On Thursday, November 21st just after 3:00 pm, months and months of work culminated in the launching of the wiigwaasi-jiimaan into Lake Mendota.
The day began with a feast in the woodshop. Kids from the ENVISION program came down from Lac du Flambeau with artwork of their own, some beautiful paintings of the wiigwaasi-jiimaan that provided the backdrop for the feast to come. Along with their artwork, the students brought with them homemade venison stew, frybread, and wild rice soup. Students from the Goodman Center also joined the feast and helped carry the canoe to the launch site.
With the canoe in place, Tim Frandy introduced the project and Wayne to the crowd of 100-150 people. For those of you who were unable to attend, we’ve included an excerpt of the introductory words by Tim below:
For those of us who have worked on the canoe, we’ve known this canoe since the time it was still in the woods. We knew that birch bark when we peeled it from the trees in June. We knew the ribs and sheathing when we packed cedar out of the forest and split it by hand in July. We knew those lashings when we dug spruce roots in August. And that pitch we knew when we knocked pine pitch off trees in September. This canoe is like a brother, and a friend, and its a family of people who have made it happen. Canoe building brings people together. And, as Wayne has explained to us, it’s healthy for the four sides of self: the mind, the body, the emotions, and the spirit.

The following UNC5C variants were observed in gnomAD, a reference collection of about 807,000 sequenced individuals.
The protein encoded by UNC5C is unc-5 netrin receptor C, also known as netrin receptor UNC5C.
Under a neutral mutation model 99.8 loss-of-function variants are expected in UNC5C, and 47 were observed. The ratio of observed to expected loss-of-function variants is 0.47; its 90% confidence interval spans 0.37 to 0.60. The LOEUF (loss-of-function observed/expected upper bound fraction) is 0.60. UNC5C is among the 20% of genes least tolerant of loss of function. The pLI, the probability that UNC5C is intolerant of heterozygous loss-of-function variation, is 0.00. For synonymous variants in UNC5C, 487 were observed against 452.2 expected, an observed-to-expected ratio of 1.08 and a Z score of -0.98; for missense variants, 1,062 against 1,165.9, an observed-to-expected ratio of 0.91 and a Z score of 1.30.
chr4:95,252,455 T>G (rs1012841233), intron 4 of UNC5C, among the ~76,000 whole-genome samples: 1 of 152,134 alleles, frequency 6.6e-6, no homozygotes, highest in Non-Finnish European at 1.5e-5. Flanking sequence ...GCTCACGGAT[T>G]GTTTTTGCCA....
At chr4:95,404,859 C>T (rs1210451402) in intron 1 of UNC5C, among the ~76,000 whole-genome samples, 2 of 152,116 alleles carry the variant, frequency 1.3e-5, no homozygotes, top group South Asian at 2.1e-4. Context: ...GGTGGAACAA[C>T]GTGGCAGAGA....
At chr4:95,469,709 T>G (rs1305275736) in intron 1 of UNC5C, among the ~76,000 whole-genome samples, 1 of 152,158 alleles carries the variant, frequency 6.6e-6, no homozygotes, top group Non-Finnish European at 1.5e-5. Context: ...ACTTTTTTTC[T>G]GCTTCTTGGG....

It was at this point that Wayne, one of only three Native canoe builders in the state of Wisconsin (the other two are his older brother Leon and Marvin DeFoe), spoke briefly to the crowd. Just prior to the launch, Wayne said “I don’t know how long it’s been since an Anishinaabe birch bark canoe has ventured into these waters.” With his daughter in his arms, he thanked everyone for their help and support during the project and reiterated the importance of canoe building as a way to use indigenous methods, practices, and teachings to preserve Ojibwe culture and to promote health and wellness. Finally, students from Wunk Sheek, a student organization that represents the Native American population on campus, performed a honor song prior to the launch of the canoe.
And then it was time to launch. With the cold setting in, the wind whipping, and the waves lapping against the slippery stone steps down into Lake Mendota, the canoe was lowered into the water. Wayne and Tim stepped into the canoe and paddled in a slow circle out into Lake Mendota as the crowd looked on. It was an amazing moment to watch 14 months of work, a beautiful piece of artwork, slowly and elegantly cut through the autumn waves.
Thanks to Mike Rausch of Arrow of Light Design who attended the launch and photographed the event. Click on the gallery for a set of incredible pictures.
Miigwetch to everyone who came out to the launch and to everyone involved with the project. It was an honor to share this with all of you.
To read more about the launch, click on the links below:
- “Birch bark canoe helps keep Ojibwe culture afloat” by Dennis Punzel | Wisconsin State Journal – November 22, 2013
- “Ojibwe birch bark canoe launches in Lake Mendota” by Mary Ellen Gabriel | College of Letters & Science – November 20, 2013